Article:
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Fast-food companies seeing low-income diners pare orders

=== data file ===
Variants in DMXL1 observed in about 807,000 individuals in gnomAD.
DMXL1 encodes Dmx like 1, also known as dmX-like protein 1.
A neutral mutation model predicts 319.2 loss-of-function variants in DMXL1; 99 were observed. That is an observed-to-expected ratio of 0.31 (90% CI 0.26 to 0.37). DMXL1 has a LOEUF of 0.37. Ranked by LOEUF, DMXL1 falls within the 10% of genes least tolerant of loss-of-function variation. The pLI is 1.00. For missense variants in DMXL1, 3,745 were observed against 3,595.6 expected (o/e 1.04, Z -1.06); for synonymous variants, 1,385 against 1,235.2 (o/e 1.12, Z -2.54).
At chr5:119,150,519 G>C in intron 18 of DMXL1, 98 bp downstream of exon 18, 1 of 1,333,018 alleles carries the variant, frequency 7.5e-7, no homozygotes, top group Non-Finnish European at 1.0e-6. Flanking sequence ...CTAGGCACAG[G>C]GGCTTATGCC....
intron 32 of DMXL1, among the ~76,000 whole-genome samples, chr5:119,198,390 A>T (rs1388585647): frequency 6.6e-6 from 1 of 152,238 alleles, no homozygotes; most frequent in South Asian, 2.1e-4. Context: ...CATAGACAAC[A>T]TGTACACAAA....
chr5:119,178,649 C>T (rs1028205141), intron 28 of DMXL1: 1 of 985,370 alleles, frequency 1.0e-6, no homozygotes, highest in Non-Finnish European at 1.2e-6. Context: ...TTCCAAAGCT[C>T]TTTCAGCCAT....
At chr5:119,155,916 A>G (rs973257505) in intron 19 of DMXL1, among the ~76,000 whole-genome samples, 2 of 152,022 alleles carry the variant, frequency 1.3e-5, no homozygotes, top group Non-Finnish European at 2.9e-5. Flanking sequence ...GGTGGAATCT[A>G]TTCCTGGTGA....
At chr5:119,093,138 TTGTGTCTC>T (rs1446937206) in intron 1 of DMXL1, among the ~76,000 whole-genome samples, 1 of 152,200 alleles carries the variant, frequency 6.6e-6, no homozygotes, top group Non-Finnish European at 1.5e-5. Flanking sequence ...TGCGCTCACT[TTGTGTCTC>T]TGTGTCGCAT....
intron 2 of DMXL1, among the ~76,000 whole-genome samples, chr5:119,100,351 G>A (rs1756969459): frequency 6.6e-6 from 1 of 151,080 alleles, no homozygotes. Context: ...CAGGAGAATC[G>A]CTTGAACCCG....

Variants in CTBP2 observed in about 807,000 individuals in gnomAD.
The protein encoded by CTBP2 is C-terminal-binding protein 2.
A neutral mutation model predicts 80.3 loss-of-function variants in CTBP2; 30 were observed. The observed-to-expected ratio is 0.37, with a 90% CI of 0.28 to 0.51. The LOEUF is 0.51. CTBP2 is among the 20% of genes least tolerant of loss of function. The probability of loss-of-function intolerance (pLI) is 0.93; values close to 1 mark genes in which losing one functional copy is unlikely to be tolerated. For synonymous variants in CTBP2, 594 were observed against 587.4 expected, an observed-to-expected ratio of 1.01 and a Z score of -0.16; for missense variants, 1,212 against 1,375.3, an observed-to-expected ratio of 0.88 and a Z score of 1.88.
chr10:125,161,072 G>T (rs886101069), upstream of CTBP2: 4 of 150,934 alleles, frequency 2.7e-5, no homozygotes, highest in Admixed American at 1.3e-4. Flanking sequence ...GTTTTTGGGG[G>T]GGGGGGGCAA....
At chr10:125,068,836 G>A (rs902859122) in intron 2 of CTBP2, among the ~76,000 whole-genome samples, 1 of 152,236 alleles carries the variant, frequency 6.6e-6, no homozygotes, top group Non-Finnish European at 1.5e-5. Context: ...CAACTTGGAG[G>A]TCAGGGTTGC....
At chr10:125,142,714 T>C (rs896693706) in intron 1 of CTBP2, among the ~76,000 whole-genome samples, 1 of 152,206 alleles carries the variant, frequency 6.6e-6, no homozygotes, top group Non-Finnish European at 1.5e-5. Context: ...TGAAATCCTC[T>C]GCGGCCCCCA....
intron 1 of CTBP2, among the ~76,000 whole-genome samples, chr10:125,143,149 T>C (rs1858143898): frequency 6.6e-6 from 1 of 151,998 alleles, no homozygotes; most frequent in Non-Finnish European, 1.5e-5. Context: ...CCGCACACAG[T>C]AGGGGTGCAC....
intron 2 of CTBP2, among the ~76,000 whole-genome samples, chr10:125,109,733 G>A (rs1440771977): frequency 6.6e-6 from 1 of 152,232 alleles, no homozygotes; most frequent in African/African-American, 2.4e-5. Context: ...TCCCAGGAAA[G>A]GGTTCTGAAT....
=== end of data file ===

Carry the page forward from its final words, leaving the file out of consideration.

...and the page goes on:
By Waylon Cunningham SAN ANTONIO, Texas (Reuters) – Runaway prices at U.S. fast-food joints and restaurants have made people skittish down the income ladder and executives at chains including McDonald’s and Wendy’s recently said they worry about losing business from those on the tightest budgets. Roughly a quarter of low-income consumers, defined as those making less than $50,000 a year, said they were eating less fast food and about half said they were making fewer trips to fast-casual and full-service dining establishments, according to polling in February by Revenue Management Solutions, a consulting firm. The rising price of food is contributing to budget-conscious diners cutting back. Whether consumed at home or in a restaurant, food prices rose 20% from Jan. 2021 to Jan. 2024, the fastest jump on record. A recent census Household Pulse Survey showed half of people earning less than $35,000 a year had difficulty paying everyday expenses, and nearly 80% were moderately or “very” stressed by recent price increases. Lauren Oxford, a musician who works part time at a bed-and-breakfast in Tennessee, said she used to stop by McDonald’s after running errands, treating herself to two double hamburgers, fries and a drink, for less than $5. As prices rose, she switched to smaller hamburgers and stopped getting the drink. But after a year in which McDonald’s franchisees drove prices up about 10% according to the company’s executives, she’s going to McDonald’s less in general. “Now I don’t know if I can justify that.” In the Fed’s most recent Beige Book compendium of anecdotal reports gathered from business and community contacts around the country, 7 of 12 regional Fed districts reported low-income consumers were changing spending habits in search of bargains, seeking more help from community groups, or struggling to access credit. About one-third of Black American households, and 21% of white American households, earned less than $35,000 in 2022, according to the latest available U.S. census data. For fast-food companies that often promote an image of affordability, low-income consumers are a significant portion of the customer base and a bellwether for longer-term trends. But they are typically the first to cut back spending and the last to come back. But now, chains may be less likely to chase customers as hard as they have in the past because even with a drop in traffic, sales have remained consistent supported by increased prices. Fast food companies aren’t “in a hurry to take traffic over profit the way they were a decade ago,” said Mike Lukianoff, CEO of SignalFlare.ai and a veteran consultant in the fast food industry. For example back in 2008, Subway introduced its nationwide $5 footlong, which became the poster sandwich for the Great Recession. That spurred rivals to introduce extreme value deals for budget-conscious customers, such as “$5 Fill-Up Boxes” at Yum! Brands KFC. In 2016, McDonald’s, after a prolonged slump in sales, introduced a bundle deal it called “McPick 2”, allowing customers to choose 2 items, like a McDouble, for $2. Within months, Wendy’s offered a four for $4 deal. Burger King offered five for $4. Pizza Hut had a $5 “flavor menu.” APP-DRIVEN DISCOUNTS Now, instead of across-the-board menu slashes and broad discounts, industry analysts say chains are being more selective, aiming them at specific demographics or limiting them to specific meal times or channels, such as its app or only through delivery. McDonald’s executives told investors in February that it would rely on its existing “value menu” to appeal to low-income consumers who might be tempted to eat packaged food at home instead. CFO Ian Borden said affordability is core to the brand, and the company would continue “evolving” its value offerings. “The battleground is certainly with that low-income consumer,” McDonald’s CEO Chris Kempczinski told investors, referring to people making less than $45,000. Wendy’s recently introduced a limited-time $1 burger — available only through its app. Its CFO Gunther Plosch told investors in February that among lower-income customers, their traffic is down but their share with the general market is unchanged. For major fast-food companies, loyalty apps are the go-to strategy among major brands to increase retention and the average amount of money spent. The upside for chains, David Henkes, senior principal with Technomic said, is that they capture more transaction data and demographic data for the consumer, “which is a trade-off many are happy to do.” For example, McDonald’s frequently offers in-app discounts, such as 20% off an order or free delivery with a large enough order. Domino’s halved the minimum purchase price to get points in its loyalty program, to $5 from $10, its CEO told investors at a conference in January. It also reduced the number of purchases needed to get a free pizza to as few as two from six. “And so essentially, for this lower-income consumer, we’ve made the brand more accessible,” CEO Russell Weiner said. To be sure, not every chain is seeing weakness among low-income customers. At Taco Bell, which sells a single taco for $1.40 at many of its stores in San Antonio, locations in low-income markets did better than other locations, Yum! CEO David Gibbs told investors in February. McDonald’s still holds its appeal for Andreas Garay, a retail worker eating at a McDonald’s in westside San Antonio. He said he plans to keep his coffee-and-Big-Mac habit– even if prices continue going up. (Reporting by Waylon Cunningham in San Antonio and Howard Schneider in Washington, D.C.; Editing by Anna Driver)